Just to make sure, I confirmed this with another brand new, stock SM57.

I have to squawk about one thing. The mic’s XLR connector is positioned so close to the threaded hole in the base of the mic, that there cannot be any threaded washers usually found on stands and booms.

You’ll have to remove them so the mic cable’s XLR connector will plug in. I didn’t try them but I’m betting that Atlas quick disconnect mic hardware will not work with the Super 55—and that’s OK with me as I never trust them with heavier mics.

On electric guitars, I played through my ZT Amps LunchBox 2 guitar amp and the venerable SM57 won only by a nose with its overall thicker midrange sound.

As with most guitar amps, the SM57 has a way increasing the midrange “guts” of the sound.

On the same amp the Super 55 was brighter with very slighter more low end. It worked better when I moved it further off center and towards the edge of the amp’s speaker. Both the 55 and 57 were pushed right into the amp’s grill cloth.

On voiceovers, the Super 55 delivers a radio-ready vocal sound. I preferred having the voice talent aim right into the front of the mic, as the mic’s supercardioid pattern does not allow for any free ranging around the mic. If you talk into the side of the mic, you’re gone—not heard!

I got nearly no room tone with this mic even when recording in a medium live space. I liked the amount of proximity effect of this mic too: it’s not exaggerated allowing some forward/back head movement without a huge increase/decrease in bass.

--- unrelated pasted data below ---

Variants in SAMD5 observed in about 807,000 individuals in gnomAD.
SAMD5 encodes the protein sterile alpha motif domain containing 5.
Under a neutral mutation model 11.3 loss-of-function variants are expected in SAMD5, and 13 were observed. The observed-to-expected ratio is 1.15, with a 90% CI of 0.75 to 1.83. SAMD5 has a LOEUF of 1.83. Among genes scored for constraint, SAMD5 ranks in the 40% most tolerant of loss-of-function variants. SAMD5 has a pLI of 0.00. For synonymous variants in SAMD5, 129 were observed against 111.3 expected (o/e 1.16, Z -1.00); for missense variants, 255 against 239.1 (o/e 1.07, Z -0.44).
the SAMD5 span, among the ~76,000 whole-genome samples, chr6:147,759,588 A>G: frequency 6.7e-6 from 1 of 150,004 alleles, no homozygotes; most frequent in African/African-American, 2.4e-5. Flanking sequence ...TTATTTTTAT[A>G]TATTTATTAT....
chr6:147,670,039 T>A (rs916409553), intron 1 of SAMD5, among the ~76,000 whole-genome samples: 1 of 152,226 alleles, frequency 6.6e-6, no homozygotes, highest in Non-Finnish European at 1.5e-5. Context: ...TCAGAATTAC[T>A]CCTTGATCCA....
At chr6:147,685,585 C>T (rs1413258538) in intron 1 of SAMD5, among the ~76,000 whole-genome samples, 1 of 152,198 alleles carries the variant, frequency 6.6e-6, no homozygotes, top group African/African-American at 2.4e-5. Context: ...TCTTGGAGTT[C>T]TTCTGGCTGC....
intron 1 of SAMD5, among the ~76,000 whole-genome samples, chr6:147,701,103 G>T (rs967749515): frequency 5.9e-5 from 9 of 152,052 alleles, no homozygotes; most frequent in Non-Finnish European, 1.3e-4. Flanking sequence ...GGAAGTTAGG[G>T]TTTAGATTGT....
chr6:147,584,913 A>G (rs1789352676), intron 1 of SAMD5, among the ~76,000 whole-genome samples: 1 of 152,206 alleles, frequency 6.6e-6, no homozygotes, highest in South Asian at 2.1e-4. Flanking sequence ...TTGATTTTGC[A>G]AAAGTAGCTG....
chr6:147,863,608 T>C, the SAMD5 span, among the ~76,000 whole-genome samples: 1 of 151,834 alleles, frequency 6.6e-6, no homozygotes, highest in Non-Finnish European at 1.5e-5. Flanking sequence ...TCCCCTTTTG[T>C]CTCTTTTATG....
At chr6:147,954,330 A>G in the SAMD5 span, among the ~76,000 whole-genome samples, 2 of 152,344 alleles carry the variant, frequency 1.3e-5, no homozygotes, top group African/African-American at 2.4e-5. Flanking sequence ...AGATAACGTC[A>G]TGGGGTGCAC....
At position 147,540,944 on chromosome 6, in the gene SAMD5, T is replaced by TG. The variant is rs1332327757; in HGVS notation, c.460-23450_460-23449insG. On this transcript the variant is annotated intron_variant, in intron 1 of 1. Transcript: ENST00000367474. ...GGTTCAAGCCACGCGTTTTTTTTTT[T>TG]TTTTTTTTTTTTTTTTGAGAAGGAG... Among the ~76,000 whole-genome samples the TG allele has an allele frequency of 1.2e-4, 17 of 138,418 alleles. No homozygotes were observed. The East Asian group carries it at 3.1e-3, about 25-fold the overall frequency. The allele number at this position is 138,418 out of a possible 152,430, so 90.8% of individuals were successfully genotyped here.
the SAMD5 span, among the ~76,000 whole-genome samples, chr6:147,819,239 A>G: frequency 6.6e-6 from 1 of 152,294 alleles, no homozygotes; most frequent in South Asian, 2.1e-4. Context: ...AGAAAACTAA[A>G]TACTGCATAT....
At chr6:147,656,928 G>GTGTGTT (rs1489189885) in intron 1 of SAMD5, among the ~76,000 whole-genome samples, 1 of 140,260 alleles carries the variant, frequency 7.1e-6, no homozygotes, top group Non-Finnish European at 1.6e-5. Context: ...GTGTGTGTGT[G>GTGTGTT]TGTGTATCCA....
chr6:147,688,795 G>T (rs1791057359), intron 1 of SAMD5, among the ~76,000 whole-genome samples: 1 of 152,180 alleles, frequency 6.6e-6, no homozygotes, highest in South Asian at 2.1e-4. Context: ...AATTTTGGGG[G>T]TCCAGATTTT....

U.S. Postage Stamp feature Elvis and the 55

The great proximity sound might explain the many pictures taken of Elvis Presley on stage leaning over and erotically caressing a 55 in front of his band.

He holds the 55 so close to his mouth that it looks like he was about to take a bite of a forbidden fruit. When that close, I’m betting he could hear and liked the bass build up while singing in the lower registers.

In truth he probably was leaning over straining to hear himself over the anemic sound systems of those days.

Around drum kits, the Super 55 is physically bigger than most dynamics normally used on kits and will preclude using it in tight spots such as close to snare drums.

Boomy bass drums benefit from its bright attack sound and if you can get it close enough to a snare drum (to get enough proximity) you’ll get a sound that won’t require any EQ.

I found the Super 55 a refreshing new/old tool in the studio that just works so well in many applications. Its look is an immediate conversation starter that’s backed up by its impressive sonic qualities.

The Shure Classic Collection (click to enlarge)

The Super 55 Deluxe Vocal Microphone is part of Shure’s Classic Collection along with the 55SH Series II, the 520DX Green Bullet, 545SD Classic Unidyne Instrument mic, and the 565SD Classic Unisphere Vocal mic.

There is also the R115S Cartridge kit that includes the cartridge, mounting plate, and detailed instructions.

When properly installed in the Super 55 Microphone, the R115S will provide performance equal to that of the original cartridge.

More information on the Shure Super 55 available here

Barry Rudolph is a veteran L.A.-based recording engineer as well as a noted writer on recording topics. Visit his website at barryrudolph.com



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The Shure 55 Microphone Has Deep Roots, But How Does It Hold Up Today?